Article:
National Mosquito Control Awareness Week: Protect Yourself and Your Community

By Elisabeth Martinez, Intern, and Chelsea Gridley-Smith, Senior Program Analyst, NACCHO

With the arrival of summer and Fourth of July festivities just around the corner, many people are spending more time outside. The rising temperatures invite a host of disease vectors, including mosquitoes, so proper protection is key. You can play an important role in preventing mosquito bites and eliminating mosquito breeding grounds. National Mosquito Control Awareness Week (June 24-30) serves to remind the public how to protect themselves from mosquitoes and the diseases they can carry.

The goal of National Mosquito Control Awareness Week is to educate the public about the significance of mosquitoes in people’s daily lives and control efforts around the world. The American Mosquito Control Association (AMCA) and the Environmental Protection Agency (EPA) provide strategies protecting yourself from bites, preventing mosquito breeding grounds, and maintaining the mosquito population at a reasonable level.

The Importance of Mosquito Control

Mosquitoes are more than a nuisance; they are vectors for disease. That means if they are infected with a disease, they can transmit that disease when they bite another organism, including humans. Mosquitoes affect the pubic in a variety of ways. For example, their bites can cause an allergic reaction through their saliva, resulting in a red, itchy bump. Mosquitoes may also carry diseases such as malaria, Zika, West Nile virus, yellow fever, Chikungunya, and Dengue to name a few. These diseases can cause serious health complications, including encephalitis, meningitis, and microcephaly, and even lead to death. About 200 mosquito species exist in the United States, all of which live in different environments and bite different organisms.

Protection and Prevention

The AMCA suggests that you protect yourself and the community through the three D’s:

  • Drain: Standing water is a breeding ground for mosquitoes to lay and hatch their eggs. It is important to eliminate any standing water in places such as gutters, pet dishes, holes in trees, pools, tires, or other areas in the community that might hold standing water.
  • Dress: Many species of mosquitoes are more attracted to dark colors than light colors. Avoid wearing dark clothing, and also wear loose-fitting clothing, as it is easy for the mosquitoes to penetrate through fabric. Long sleeves and pants provide the most protection.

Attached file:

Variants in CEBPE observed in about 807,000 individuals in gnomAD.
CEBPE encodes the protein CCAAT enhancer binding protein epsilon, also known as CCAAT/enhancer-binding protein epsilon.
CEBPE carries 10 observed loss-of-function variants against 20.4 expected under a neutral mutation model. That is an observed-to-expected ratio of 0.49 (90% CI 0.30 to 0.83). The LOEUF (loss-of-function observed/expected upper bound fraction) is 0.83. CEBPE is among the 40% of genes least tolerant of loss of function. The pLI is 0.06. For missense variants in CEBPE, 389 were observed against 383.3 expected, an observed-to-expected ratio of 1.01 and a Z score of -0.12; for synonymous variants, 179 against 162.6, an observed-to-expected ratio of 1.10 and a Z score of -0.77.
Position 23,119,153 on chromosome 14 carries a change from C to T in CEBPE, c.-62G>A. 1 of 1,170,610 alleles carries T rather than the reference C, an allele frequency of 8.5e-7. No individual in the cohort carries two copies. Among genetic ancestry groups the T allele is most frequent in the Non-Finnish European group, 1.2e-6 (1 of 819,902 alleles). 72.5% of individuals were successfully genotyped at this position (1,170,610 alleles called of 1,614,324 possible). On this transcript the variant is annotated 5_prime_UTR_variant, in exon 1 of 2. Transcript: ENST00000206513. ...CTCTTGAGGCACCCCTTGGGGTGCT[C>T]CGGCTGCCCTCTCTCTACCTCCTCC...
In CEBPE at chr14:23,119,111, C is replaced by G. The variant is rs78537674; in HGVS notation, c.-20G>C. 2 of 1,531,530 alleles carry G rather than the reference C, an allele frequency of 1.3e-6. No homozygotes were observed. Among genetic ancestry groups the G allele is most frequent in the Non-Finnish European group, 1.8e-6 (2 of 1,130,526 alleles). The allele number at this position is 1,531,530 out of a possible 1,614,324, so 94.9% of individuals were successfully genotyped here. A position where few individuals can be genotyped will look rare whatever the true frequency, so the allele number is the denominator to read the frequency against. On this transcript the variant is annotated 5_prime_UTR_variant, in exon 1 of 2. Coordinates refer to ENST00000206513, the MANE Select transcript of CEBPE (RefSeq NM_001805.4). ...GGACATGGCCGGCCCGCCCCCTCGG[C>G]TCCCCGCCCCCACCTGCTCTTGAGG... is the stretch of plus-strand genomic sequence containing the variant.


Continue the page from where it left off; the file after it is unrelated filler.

• Defend: Apply registered mosquito repellent according to the directions on the label. The repellents registered by the EPA are proven safe and effective, even for pregnant and breastfeeding women. To find an insect repellent that is right for you, use EPA’s search tool. Keep an eye out for a similar graphic on the container of the repellent that denotes what insect it repels and the length of time the product is effective.

Structural barriers also prevent mosquito breeding and bites. Covering gaps in walls, doors, and windows can keep mosquitoes from entering a home. It is important to also make sure window and door screens are working properly and do not leave any openings or gaps.

Some mosquitoes only bite in the evenings, but others bite during the day when you also need to consider sun protection. Insect repellents can be used in conjunction with sunscreen without reducing their effectiveness. The best strategy is to apply sunscreen first, and then apply the repellent according to label instructions. You may need to apply sunscreen more often and in larger amounts than usually needed to maintain optimal effectiveness. A full ounce (two tablespoons) of sunscreen should be applied to the entire body at least every two hours. It is also best to use separate products for sunscreen and repellent instead of a product that combines the two.

Current Programmatic Efforts

Integrated pest management (IPM) is a science-based, common-sense approach for managing pests and vectors, such as mosquitoes. IPM uses a variety of pest management techniques that focus on pest prevention, reduction, elimination, and infestations. Surveillance keeps a count of the amount and kinds of mosquitoes in a given area, and these results help to determine appropriate responses depending on the severity of the infestation.

The combined efforts of individuals and vector control programs can make this summer more enjoyable and less plagued by mosquito-borne diseases. For more information, visit NACCHO’s Vector Control webpage, and for communication tools and resources your local health department can use to educate your community, check out the Vector Control Toolkit in NACCHO’s Toolbox.

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